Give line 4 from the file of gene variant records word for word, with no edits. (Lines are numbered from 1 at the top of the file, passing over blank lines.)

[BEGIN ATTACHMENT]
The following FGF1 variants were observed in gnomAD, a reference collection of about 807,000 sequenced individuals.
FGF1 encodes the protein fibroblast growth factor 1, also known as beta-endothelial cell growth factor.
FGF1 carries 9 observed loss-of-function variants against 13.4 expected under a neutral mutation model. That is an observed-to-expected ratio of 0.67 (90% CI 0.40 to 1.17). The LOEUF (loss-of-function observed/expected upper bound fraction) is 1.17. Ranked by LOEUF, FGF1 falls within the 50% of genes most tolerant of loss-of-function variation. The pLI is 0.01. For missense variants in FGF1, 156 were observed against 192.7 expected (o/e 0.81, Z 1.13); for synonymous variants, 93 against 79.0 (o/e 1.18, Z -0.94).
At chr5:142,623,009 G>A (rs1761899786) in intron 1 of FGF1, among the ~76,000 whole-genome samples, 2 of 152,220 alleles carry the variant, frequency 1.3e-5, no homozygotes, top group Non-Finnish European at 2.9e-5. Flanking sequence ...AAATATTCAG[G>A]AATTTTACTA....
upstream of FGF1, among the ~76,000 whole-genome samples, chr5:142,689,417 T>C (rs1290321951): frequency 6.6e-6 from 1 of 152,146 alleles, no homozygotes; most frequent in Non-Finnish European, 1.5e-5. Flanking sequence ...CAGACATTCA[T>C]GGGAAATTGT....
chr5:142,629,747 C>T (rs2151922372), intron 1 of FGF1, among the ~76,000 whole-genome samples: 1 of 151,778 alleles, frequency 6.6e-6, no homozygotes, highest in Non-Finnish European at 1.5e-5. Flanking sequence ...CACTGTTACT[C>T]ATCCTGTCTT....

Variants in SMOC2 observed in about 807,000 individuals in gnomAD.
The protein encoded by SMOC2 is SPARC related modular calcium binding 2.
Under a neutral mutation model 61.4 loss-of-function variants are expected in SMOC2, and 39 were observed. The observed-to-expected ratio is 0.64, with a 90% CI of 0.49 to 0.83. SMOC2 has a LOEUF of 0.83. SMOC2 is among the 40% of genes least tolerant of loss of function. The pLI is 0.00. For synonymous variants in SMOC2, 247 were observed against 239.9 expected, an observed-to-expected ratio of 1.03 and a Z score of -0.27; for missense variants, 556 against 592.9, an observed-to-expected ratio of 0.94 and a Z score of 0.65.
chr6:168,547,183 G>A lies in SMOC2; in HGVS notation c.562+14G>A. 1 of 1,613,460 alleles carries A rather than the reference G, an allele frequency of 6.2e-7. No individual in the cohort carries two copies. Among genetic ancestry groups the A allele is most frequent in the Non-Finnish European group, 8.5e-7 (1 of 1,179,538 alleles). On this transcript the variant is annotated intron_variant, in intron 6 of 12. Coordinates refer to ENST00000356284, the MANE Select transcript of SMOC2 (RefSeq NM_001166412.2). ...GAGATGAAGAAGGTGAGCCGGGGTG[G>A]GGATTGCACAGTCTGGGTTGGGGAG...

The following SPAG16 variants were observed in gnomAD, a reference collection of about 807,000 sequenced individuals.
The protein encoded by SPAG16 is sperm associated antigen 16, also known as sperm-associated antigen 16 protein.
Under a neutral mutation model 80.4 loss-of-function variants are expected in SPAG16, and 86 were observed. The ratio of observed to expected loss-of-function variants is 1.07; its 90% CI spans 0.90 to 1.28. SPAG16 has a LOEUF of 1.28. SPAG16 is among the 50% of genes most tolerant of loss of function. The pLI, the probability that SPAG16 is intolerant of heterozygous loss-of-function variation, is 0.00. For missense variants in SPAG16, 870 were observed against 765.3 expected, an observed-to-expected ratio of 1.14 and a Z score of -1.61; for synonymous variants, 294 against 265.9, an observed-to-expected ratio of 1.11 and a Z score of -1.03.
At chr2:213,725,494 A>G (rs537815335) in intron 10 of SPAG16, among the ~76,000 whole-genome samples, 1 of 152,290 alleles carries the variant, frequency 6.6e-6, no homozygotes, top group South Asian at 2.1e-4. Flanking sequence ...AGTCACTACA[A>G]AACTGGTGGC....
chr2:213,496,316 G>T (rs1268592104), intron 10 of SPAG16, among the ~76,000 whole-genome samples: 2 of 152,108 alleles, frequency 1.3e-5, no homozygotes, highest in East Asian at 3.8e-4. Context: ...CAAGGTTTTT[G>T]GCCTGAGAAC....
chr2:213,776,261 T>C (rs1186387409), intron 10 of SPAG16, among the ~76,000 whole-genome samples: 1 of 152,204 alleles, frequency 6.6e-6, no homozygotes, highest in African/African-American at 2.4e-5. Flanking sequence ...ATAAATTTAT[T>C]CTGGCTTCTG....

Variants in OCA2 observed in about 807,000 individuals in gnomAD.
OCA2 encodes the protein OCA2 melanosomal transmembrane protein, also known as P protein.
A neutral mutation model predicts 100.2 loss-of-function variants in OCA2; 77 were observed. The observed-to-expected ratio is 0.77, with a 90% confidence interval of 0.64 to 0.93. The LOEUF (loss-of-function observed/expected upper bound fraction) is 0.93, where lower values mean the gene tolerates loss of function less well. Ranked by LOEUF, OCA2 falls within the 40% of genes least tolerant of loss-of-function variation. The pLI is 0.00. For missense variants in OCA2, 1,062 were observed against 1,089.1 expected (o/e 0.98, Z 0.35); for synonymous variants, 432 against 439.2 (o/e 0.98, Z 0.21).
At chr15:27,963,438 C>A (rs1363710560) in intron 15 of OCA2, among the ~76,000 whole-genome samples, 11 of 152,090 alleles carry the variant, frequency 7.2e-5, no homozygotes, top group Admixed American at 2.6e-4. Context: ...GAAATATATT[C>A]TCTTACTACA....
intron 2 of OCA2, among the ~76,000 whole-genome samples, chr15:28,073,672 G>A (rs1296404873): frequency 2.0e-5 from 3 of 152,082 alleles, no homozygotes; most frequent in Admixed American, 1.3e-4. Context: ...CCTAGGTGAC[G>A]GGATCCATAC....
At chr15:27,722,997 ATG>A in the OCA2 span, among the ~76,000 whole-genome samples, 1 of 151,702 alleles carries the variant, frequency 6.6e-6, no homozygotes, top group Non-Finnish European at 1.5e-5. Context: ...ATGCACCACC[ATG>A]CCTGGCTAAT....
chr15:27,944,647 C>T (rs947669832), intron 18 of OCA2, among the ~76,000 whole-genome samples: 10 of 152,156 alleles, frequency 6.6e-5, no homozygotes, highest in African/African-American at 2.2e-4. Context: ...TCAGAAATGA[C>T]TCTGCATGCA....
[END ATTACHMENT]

At chr5:142,623,009 G>A (rs1761899786) in intron 1 of FGF1, among the ~76,000 whole-genome samples, 2 of 152,220 alleles carry the variant, frequency 1.3e-5, no homozygotes, top group Non-Finnish European at 2.9e-5. Flanking sequence ...AAATATTCAG[G>A]AATTTTACTA....